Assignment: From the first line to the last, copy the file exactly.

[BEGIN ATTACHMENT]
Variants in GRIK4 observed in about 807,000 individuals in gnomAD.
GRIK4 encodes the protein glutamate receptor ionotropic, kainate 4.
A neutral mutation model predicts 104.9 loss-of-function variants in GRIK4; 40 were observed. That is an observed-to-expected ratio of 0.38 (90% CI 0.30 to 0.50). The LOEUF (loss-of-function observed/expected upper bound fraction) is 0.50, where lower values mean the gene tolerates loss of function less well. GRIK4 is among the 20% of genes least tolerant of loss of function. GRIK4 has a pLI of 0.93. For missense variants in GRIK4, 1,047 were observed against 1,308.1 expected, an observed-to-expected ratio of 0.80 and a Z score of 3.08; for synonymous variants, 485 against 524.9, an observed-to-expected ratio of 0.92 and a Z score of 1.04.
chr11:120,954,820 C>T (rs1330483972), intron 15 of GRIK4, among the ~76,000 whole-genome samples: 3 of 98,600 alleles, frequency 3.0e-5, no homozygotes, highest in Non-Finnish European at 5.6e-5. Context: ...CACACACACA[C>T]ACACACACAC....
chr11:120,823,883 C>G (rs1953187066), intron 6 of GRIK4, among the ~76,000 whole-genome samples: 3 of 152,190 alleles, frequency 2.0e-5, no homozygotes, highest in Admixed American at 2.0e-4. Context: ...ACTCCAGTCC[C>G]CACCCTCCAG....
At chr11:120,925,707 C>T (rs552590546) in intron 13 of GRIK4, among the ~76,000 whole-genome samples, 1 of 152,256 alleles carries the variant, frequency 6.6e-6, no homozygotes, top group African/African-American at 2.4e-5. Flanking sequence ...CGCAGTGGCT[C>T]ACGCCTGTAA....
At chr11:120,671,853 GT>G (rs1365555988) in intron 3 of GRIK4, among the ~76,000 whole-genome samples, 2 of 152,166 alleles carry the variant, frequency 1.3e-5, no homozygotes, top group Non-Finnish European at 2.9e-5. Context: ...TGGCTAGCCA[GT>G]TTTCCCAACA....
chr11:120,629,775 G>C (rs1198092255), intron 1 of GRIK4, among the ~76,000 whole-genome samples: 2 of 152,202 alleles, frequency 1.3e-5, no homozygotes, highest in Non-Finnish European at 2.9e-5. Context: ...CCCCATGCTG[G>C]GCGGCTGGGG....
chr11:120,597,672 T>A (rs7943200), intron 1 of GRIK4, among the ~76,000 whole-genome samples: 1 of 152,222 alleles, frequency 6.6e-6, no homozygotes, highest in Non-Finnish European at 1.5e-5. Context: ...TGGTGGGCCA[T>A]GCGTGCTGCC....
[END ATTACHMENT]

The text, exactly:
Variants in GRIK4 observed in about 807,000 individuals in gnomAD.
GRIK4 encodes the protein glutamate receptor ionotropic, kainate 4.
A neutral mutation model predicts 104.9 loss-of-function variants in GRIK4; 40 were observed. That is an observed-to-expected ratio of 0.38 (90% CI 0.30 to 0.50). The LOEUF (loss-of-function observed/expected upper bound fraction) is 0.50, where lower values mean the gene tolerates loss of function less well. GRIK4 is among the 20% of genes least tolerant of loss of function. GRIK4 has a pLI of 0.93. For missense variants in GRIK4, 1,047 were observed against 1,308.1 expected, an observed-to-expected ratio of 0.80 and a Z score of 3.08; for synonymous variants, 485 against 524.9, an observed-to-expected ratio of 0.92 and a Z score of 1.04.
chr11:120,954,820 C>T (rs1330483972), intron 15 of GRIK4, among the ~76,000 whole-genome samples: 3 of 98,600 alleles, frequency 3.0e-5, no homozygotes, highest in Non-Finnish European at 5.6e-5. Context: ...CACACACACA[C>T]ACACACACAC....
chr11:120,823,883 C>G (rs1953187066), intron 6 of GRIK4, among the ~76,000 whole-genome samples: 3 of 152,190 alleles, frequency 2.0e-5, no homozygotes, highest in Admixed American at 2.0e-4. Context: ...ACTCCAGTCC[C>G]CACCCTCCAG....
At chr11:120,925,707 C>T (rs552590546) in intron 13 of GRIK4, among the ~76,000 whole-genome samples, 1 of 152,256 alleles carries the variant, frequency 6.6e-6, no homozygotes, top group African/African-American at 2.4e-5. Flanking sequence ...CGCAGTGGCT[C>T]ACGCCTGTAA....
At chr11:120,671,853 GT>G (rs1365555988) in intron 3 of GRIK4, among the ~76,000 whole-genome samples, 2 of 152,166 alleles carry the variant, frequency 1.3e-5, no homozygotes, top group Non-Finnish European at 2.9e-5. Context: ...TGGCTAGCCA[GT>G]TTTCCCAACA....
chr11:120,629,775 G>C (rs1198092255), intron 1 of GRIK4, among the ~76,000 whole-genome samples: 2 of 152,202 alleles, frequency 1.3e-5, no homozygotes, highest in Non-Finnish European at 2.9e-5. Context: ...CCCCATGCTG[G>C]GCGGCTGGGG....
chr11:120,597,672 T>A (rs7943200), intron 1 of GRIK4, among the ~76,000 whole-genome samples: 1 of 152,222 alleles, frequency 6.6e-6, no homozygotes, highest in Non-Finnish European at 1.5e-5. Context: ...TGGTGGGCCA[T>A]GCGTGCTGCC....